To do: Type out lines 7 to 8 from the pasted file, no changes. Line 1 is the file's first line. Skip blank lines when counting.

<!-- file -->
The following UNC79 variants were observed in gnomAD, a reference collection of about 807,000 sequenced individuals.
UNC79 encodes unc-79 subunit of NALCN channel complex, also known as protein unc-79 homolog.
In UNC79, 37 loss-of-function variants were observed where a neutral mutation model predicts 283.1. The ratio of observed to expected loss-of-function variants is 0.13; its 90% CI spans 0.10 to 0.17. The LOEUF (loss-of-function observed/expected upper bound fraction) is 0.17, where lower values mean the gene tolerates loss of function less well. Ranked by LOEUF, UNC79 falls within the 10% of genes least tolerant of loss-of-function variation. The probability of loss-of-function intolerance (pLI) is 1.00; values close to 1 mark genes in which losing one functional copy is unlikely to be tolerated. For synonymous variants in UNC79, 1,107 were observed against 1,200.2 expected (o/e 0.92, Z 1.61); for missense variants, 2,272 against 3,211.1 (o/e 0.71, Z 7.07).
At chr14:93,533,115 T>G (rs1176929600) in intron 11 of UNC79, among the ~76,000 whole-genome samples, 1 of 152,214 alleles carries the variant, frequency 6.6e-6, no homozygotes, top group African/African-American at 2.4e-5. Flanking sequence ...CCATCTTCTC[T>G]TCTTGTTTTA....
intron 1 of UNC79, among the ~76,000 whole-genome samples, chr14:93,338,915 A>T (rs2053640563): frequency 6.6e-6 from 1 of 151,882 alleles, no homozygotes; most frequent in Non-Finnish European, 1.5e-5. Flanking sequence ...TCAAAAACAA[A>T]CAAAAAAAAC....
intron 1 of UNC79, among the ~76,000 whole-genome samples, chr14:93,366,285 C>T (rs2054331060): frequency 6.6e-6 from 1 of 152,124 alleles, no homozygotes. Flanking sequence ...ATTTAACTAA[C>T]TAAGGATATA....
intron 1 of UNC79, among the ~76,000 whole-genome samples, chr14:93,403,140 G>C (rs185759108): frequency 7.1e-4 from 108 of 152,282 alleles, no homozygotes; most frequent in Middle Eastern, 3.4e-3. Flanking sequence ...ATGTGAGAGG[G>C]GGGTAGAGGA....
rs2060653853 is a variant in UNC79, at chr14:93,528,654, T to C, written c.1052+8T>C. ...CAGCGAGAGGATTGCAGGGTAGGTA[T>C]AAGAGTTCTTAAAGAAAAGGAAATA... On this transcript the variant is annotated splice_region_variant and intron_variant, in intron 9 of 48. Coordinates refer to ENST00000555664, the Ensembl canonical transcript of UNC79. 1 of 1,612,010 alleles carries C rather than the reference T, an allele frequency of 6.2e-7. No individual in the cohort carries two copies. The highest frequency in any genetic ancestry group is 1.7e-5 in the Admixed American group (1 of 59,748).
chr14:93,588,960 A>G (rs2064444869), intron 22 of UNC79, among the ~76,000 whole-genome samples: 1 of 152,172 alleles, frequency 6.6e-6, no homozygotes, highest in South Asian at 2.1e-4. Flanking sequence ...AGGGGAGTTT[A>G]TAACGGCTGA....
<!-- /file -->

intron 1 of UNC79, among the ~76,000 whole-genome samples, chr14:93,403,140 G>C (rs185759108): frequency 7.1e-4 from 108 of 152,282 alleles, no homozygotes; most frequent in Middle Eastern, 3.4e-3. Flanking sequence ...ATGTGAGAGG[G>C]GGGTAGAGGA....
rs2060653853 is a variant in UNC79, at chr14:93,528,654, T to C, written c.1052+8T>C. ...CAGCGAGAGGATTGCAGGGTAGGTA[T>C]AAGAGTTCTTAAAGAAAAGGAAATA... On this transcript the variant is annotated splice_region_variant and intron_variant, in intron 9 of 48. Coordinates refer to ENST00000555664, the Ensembl canonical transcript of UNC79. 1 of 1,612,010 alleles carries C rather than the reference T, an allele frequency of 6.2e-7. No individual in the cohort carries two copies. The highest frequency in any genetic ancestry group is 1.7e-5 in the Admixed American group (1 of 59,748).